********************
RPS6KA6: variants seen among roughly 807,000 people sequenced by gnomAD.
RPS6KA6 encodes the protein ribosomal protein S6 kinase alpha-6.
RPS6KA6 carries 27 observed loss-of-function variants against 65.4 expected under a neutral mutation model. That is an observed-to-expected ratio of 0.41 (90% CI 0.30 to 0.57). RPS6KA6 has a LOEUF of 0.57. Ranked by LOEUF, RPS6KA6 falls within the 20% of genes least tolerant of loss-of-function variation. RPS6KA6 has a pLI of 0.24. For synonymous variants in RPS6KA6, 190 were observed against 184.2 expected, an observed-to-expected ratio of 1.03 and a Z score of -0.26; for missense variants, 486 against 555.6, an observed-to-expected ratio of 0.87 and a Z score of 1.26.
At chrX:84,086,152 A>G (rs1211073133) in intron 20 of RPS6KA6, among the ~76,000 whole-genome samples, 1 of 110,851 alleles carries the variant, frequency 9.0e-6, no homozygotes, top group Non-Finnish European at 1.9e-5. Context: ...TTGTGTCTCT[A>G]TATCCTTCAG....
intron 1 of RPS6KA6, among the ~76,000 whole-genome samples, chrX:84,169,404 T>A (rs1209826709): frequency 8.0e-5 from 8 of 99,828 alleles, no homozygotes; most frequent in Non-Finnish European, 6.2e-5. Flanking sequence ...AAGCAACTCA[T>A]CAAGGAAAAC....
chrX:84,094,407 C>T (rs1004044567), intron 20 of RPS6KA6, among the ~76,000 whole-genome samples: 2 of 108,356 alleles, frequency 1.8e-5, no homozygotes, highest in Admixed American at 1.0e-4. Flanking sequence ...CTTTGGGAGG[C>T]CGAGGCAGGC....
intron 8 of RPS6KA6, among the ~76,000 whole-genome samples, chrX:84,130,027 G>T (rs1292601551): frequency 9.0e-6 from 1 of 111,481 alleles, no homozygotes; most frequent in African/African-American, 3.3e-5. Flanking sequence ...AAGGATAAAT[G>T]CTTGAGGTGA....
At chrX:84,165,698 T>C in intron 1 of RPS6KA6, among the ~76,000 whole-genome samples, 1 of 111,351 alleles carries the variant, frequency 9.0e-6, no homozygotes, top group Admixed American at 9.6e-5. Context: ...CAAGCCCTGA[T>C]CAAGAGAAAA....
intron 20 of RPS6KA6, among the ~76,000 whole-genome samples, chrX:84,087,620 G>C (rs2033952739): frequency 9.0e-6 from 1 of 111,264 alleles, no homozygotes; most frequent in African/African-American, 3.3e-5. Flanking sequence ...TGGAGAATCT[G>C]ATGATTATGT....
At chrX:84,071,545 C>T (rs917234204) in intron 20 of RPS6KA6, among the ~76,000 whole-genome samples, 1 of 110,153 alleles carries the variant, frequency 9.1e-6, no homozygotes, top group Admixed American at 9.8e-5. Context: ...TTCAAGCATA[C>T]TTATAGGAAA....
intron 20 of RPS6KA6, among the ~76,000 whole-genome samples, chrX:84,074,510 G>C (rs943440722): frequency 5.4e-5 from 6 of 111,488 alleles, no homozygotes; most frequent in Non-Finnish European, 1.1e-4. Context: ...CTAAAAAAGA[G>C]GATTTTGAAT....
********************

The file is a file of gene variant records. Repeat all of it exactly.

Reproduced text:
RPS6KA6: variants seen among roughly 807,000 people sequenced by gnomAD.
RPS6KA6 encodes the protein ribosomal protein S6 kinase alpha-6.
RPS6KA6 carries 27 observed loss-of-function variants against 65.4 expected under a neutral mutation model. That is an observed-to-expected ratio of 0.41 (90% CI 0.30 to 0.57). RPS6KA6 has a LOEUF of 0.57. Ranked by LOEUF, RPS6KA6 falls within the 20% of genes least tolerant of loss-of-function variation. RPS6KA6 has a pLI of 0.24. For synonymous variants in RPS6KA6, 190 were observed against 184.2 expected, an observed-to-expected ratio of 1.03 and a Z score of -0.26; for missense variants, 486 against 555.6, an observed-to-expected ratio of 0.87 and a Z score of 1.26.
At chrX:84,086,152 A>G (rs1211073133) in intron 20 of RPS6KA6, among the ~76,000 whole-genome samples, 1 of 110,851 alleles carries the variant, frequency 9.0e-6, no homozygotes, top group Non-Finnish European at 1.9e-5. Context: ...TTGTGTCTCT[A>G]TATCCTTCAG....
intron 1 of RPS6KA6, among the ~76,000 whole-genome samples, chrX:84,169,404 T>A (rs1209826709): frequency 8.0e-5 from 8 of 99,828 alleles, no homozygotes; most frequent in Non-Finnish European, 6.2e-5. Flanking sequence ...AAGCAACTCA[T>A]CAAGGAAAAC....
chrX:84,094,407 C>T (rs1004044567), intron 20 of RPS6KA6, among the ~76,000 whole-genome samples: 2 of 108,356 alleles, frequency 1.8e-5, no homozygotes, highest in Admixed American at 1.0e-4. Flanking sequence ...CTTTGGGAGG[C>T]CGAGGCAGGC....
intron 8 of RPS6KA6, among the ~76,000 whole-genome samples, chrX:84,130,027 G>T (rs1292601551): frequency 9.0e-6 from 1 of 111,481 alleles, no homozygotes; most frequent in African/African-American, 3.3e-5. Flanking sequence ...AAGGATAAAT[G>T]CTTGAGGTGA....
At chrX:84,165,698 T>C in intron 1 of RPS6KA6, among the ~76,000 whole-genome samples, 1 of 111,351 alleles carries the variant, frequency 9.0e-6, no homozygotes, top group Admixed American at 9.6e-5. Context: ...CAAGCCCTGA[T>C]CAAGAGAAAA....
intron 20 of RPS6KA6, among the ~76,000 whole-genome samples, chrX:84,087,620 G>C (rs2033952739): frequency 9.0e-6 from 1 of 111,264 alleles, no homozygotes; most frequent in African/African-American, 3.3e-5. Flanking sequence ...TGGAGAATCT[G>C]ATGATTATGT....
At chrX:84,071,545 C>T (rs917234204) in intron 20 of RPS6KA6, among the ~76,000 whole-genome samples, 1 of 110,153 alleles carries the variant, frequency 9.1e-6, no homozygotes, top group Admixed American at 9.8e-5. Context: ...TTCAAGCATA[C>T]TTATAGGAAA....
intron 20 of RPS6KA6, among the ~76,000 whole-genome samples, chrX:84,074,510 G>C (rs943440722): frequency 5.4e-5 from 6 of 111,488 alleles, no homozygotes; most frequent in Non-Finnish European, 1.1e-4. Context: ...CTAAAAAAGA[G>C]GATTTTGAAT....